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Home » Blogs » Adventures with Candace » Hiking to the Fissures, Taft Point and Sentinel Dome

Hiking to the Fissures, Taft Point and Sentinel Dome

We took a short hike over a pretty easy trail to see some giant cracks in the granite then headed on to experience amazing view as we topped off at Sentinel Dome.

Where: Yosemite National Park
Distance: 5.5 Miles
Difficulty: Easy to Moderate
Elevation Range: 7,238′ – 8,107′
Date: October 29, 2014
Maps: El Capitan Topographic Quad

We drove up Glacier Point Rd about 13 miles to the trailhead where the bathrooms are located, which also serves as the trailhead to Sentinel Dome. We then followed the trail to the Fissures and Taft Point.

The Fissures is only about 1.2 miles and a fairly easy walk along a gentle grade. There are no guard rails along the Fissures and there are straight drop-offs of 3,000′, so this is not a place that you want to bring children (or adults) that are not within tight control.

We hadn’t walked very far down the trail when Rick, who just loves geology, spotted a whole bunch of white colored quartz. They were the only rocks like them in this area that is full of granite.

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We continued down the gentle trail and were surprised to be greeted by two slow moving deer, munching their way across and beside the trail.

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We reached the 5 giant vertical cracks called “The Fissures” and explored around a bit. There is no guard rail around these dangerous fissures that drop off about 3,000′ straight to the valley floor. As you begin to catch sight of these fissures, you realize how monstrous they are.

So, what caused these giant cracks? Here is what YosemiteHikes.com has to say (link at end of blog just in case you think I am making this up):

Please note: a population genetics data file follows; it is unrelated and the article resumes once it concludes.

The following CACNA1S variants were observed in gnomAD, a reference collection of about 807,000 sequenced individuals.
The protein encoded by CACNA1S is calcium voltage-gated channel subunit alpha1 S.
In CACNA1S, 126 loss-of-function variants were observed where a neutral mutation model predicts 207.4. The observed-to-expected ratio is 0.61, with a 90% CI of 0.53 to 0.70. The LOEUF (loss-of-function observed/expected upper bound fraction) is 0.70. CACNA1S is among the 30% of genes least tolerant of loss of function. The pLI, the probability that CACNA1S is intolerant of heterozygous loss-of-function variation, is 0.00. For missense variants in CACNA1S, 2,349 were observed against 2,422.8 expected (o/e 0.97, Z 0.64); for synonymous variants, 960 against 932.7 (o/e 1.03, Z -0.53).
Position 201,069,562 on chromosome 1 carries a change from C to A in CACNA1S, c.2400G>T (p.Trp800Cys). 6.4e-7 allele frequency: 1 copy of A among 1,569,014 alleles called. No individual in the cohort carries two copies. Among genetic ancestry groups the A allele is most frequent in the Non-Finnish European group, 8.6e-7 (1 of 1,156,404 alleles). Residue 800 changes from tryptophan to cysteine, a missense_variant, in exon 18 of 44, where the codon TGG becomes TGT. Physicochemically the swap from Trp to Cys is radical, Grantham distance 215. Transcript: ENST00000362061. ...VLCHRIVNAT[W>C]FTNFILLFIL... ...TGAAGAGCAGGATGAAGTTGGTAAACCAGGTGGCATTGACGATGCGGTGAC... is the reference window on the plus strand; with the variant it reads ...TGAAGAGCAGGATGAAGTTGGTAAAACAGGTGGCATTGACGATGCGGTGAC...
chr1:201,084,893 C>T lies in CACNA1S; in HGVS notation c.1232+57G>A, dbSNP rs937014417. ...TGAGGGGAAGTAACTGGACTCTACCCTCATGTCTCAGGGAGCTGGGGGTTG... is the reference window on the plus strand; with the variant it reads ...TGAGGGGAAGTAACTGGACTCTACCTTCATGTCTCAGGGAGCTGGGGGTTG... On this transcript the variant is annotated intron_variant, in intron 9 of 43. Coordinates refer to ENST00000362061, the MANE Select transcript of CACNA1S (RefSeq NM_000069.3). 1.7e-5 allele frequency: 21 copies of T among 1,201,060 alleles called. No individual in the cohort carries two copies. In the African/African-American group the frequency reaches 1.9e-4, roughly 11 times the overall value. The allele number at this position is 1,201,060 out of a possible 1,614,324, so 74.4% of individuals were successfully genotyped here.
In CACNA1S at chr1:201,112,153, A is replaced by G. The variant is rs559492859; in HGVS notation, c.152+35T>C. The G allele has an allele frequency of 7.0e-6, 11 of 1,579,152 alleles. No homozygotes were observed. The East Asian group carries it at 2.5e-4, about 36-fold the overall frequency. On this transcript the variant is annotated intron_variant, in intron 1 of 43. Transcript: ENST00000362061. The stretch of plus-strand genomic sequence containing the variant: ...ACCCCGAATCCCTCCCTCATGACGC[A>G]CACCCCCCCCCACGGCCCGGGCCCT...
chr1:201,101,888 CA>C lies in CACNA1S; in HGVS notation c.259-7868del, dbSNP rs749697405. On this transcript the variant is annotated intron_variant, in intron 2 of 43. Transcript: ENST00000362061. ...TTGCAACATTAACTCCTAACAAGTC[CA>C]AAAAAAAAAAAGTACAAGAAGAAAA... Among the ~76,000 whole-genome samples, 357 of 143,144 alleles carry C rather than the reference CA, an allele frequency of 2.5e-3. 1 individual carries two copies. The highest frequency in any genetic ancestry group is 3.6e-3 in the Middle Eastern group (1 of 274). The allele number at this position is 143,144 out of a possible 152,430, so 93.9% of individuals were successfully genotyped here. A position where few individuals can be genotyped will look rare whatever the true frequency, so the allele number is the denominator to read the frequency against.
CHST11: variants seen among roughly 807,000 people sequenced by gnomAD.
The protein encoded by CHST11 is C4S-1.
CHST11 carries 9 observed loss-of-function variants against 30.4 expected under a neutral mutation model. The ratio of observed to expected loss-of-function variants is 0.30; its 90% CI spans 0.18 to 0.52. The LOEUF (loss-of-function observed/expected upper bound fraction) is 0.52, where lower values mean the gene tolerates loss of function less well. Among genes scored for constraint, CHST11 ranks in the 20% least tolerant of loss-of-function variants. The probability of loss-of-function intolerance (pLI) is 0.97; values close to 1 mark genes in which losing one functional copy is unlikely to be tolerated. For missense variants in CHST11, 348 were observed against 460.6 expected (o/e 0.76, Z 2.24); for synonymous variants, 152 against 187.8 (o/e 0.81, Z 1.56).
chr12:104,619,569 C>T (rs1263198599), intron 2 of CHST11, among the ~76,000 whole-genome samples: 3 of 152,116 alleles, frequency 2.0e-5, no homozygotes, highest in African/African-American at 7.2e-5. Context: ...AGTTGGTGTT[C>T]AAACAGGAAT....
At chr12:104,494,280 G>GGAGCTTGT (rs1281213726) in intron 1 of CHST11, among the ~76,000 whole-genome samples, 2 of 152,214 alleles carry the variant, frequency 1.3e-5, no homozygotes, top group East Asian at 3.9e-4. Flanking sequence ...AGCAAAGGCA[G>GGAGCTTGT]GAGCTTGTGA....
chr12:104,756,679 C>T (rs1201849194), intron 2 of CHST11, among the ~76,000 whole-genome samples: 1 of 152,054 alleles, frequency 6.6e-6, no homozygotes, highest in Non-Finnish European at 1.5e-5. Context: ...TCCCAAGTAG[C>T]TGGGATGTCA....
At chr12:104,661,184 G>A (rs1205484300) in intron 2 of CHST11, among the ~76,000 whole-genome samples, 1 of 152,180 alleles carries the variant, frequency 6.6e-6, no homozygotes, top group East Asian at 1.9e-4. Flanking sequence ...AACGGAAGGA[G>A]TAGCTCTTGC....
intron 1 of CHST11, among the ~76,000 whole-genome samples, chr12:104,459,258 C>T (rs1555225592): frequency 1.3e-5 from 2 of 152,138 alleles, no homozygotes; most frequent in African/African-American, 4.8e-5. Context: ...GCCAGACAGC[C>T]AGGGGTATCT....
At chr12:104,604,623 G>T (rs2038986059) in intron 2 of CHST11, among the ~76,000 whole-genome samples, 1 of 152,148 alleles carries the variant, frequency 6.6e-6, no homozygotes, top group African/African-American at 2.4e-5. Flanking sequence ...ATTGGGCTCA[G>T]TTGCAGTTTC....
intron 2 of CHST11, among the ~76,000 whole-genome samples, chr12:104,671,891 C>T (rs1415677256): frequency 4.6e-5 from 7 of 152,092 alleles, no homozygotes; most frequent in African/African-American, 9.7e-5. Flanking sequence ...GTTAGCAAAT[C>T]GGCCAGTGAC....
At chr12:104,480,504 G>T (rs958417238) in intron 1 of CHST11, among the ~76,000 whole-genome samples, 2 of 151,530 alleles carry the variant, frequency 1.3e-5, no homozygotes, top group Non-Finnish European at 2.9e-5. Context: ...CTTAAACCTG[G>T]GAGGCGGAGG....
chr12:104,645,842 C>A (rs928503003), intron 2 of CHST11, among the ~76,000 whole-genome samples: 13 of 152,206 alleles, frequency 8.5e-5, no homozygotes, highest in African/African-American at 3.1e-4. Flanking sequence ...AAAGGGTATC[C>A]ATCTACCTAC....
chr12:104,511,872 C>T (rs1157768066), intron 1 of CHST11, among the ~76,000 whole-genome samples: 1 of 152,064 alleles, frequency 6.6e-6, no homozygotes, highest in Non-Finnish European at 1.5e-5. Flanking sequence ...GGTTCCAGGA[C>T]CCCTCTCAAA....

“These immense vertical gashes in the valley wall were caused, it is now believed, by an epic battle between Mothra and Godzilla, during which Mothra slashed at his scaly foe but missed and raked his talons against the cliffside instead. (What, you didn’t know that Mothra has talons? Check with your vet.)”

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We all took a peek over the side in our own unique ways.I am not that wild about heights, so I pretty much kept my distance. (Photo of me peeking over the side by Gail Gilbert)

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We headed on up to Taft Point, named for William Howard Taft,who was serving as the President(1909-1913) at the time that Robert Marshall, Chief Geographer for the United States Geological Survey, named it. John Muir guided President Taft through Yosemite for 3 days back in 1909. Did you know that President Taft walked down the four-mile trail from Glacier Point to the Yosemite floor?

It seems the big topic of discussion on that visit was water and Hetch Hetchy. San Francisco wanted that water and had a proposal to dam up the Tuolumne River to create a reservoir out of Hetch Hetchy Valley. John Muir found an ally in President Taft but Congress passed the Raker Act in 1913 which gave San Francisco the right to build the dam and develop hydroelectric power in the valley. Taft lost his re-election to President Woodrow Wilson who signed the bill. Many issues arose regarding Hetch Hetchy but it was eventually completed in 1934.